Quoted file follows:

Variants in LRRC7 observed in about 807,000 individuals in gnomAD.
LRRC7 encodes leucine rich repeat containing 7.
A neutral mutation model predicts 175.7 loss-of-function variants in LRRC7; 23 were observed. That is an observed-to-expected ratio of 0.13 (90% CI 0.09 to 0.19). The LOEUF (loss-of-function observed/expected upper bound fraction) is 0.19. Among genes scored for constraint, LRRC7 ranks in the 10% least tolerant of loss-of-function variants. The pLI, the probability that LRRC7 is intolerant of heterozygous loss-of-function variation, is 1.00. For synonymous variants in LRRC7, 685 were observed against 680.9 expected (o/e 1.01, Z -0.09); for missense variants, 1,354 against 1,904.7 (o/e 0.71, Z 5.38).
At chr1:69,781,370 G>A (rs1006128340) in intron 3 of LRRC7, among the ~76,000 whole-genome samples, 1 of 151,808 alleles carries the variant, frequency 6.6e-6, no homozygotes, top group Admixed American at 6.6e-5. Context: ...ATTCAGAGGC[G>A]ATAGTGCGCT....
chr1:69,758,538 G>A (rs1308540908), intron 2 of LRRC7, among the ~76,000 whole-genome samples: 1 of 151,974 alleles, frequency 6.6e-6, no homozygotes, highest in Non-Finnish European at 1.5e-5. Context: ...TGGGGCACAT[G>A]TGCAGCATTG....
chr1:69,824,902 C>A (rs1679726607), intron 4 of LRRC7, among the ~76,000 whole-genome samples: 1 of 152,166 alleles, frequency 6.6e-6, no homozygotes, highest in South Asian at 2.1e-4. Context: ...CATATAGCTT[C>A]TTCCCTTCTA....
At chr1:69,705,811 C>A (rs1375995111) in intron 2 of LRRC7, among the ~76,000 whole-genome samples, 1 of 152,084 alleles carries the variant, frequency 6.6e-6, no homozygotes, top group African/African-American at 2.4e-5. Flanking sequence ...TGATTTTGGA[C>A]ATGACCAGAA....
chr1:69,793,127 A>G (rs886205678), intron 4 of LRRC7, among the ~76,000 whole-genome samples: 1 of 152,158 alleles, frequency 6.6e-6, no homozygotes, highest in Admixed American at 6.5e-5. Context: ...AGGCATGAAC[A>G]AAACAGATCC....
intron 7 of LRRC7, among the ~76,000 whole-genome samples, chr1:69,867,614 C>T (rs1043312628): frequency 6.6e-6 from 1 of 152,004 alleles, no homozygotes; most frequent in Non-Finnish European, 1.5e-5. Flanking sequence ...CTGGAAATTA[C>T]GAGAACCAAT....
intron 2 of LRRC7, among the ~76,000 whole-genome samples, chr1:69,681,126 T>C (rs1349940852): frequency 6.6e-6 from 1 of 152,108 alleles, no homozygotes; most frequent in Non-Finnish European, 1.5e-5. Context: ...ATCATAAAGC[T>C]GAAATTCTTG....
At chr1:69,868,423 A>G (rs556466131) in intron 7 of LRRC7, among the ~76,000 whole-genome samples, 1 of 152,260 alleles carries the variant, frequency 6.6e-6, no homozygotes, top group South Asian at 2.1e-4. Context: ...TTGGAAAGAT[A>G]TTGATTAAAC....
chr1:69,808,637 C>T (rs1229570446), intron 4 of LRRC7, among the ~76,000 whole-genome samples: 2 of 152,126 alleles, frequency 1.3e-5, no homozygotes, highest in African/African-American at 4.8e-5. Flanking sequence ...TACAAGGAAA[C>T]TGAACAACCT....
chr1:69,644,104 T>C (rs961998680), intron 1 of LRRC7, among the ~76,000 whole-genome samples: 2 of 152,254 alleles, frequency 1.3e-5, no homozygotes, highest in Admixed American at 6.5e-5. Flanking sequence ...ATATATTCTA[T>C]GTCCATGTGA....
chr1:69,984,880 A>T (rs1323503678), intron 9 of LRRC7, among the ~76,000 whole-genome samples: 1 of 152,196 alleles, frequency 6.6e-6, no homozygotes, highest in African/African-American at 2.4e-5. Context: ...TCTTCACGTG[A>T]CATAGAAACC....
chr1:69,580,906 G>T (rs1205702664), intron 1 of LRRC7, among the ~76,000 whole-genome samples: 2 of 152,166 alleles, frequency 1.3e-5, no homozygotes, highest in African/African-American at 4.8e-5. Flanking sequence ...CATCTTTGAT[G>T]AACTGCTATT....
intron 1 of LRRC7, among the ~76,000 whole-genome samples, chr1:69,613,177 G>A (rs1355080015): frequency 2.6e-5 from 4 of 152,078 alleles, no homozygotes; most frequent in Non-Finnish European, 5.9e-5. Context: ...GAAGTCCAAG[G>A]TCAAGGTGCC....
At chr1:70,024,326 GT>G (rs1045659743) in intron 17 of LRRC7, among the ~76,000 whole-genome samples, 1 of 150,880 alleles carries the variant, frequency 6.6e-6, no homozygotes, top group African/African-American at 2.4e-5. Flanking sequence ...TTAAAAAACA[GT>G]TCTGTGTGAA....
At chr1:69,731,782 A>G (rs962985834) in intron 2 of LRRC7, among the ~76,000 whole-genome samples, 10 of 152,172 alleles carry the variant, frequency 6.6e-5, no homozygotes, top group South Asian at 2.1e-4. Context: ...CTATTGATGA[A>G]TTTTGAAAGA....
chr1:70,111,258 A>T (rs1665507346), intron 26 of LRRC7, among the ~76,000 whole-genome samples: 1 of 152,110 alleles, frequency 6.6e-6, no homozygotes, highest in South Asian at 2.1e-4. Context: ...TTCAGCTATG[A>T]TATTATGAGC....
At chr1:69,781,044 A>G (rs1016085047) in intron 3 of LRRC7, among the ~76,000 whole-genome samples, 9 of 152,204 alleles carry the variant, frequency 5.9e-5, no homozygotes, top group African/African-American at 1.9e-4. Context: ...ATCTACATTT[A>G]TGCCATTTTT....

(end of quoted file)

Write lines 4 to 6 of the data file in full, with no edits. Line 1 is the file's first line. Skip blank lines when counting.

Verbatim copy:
At chr1:69,781,370 G>A (rs1006128340) in intron 3 of LRRC7, among the ~76,000 whole-genome samples, 1 of 151,808 alleles carries the variant, frequency 6.6e-6, no homozygotes, top group Admixed American at 6.6e-5. Context: ...ATTCAGAGGC[G>A]ATAGTGCGCT....
chr1:69,758,538 G>A (rs1308540908), intron 2 of LRRC7, among the ~76,000 whole-genome samples: 1 of 151,974 alleles, frequency 6.6e-6, no homozygotes, highest in Non-Finnish European at 1.5e-5. Context: ...TGGGGCACAT[G>A]TGCAGCATTG....
chr1:69,824,902 C>A (rs1679726607), intron 4 of LRRC7, among the ~76,000 whole-genome samples: 1 of 152,166 alleles, frequency 6.6e-6, no homozygotes, highest in South Asian at 2.1e-4. Context: ...CATATAGCTT[C>A]TTCCCTTCTA....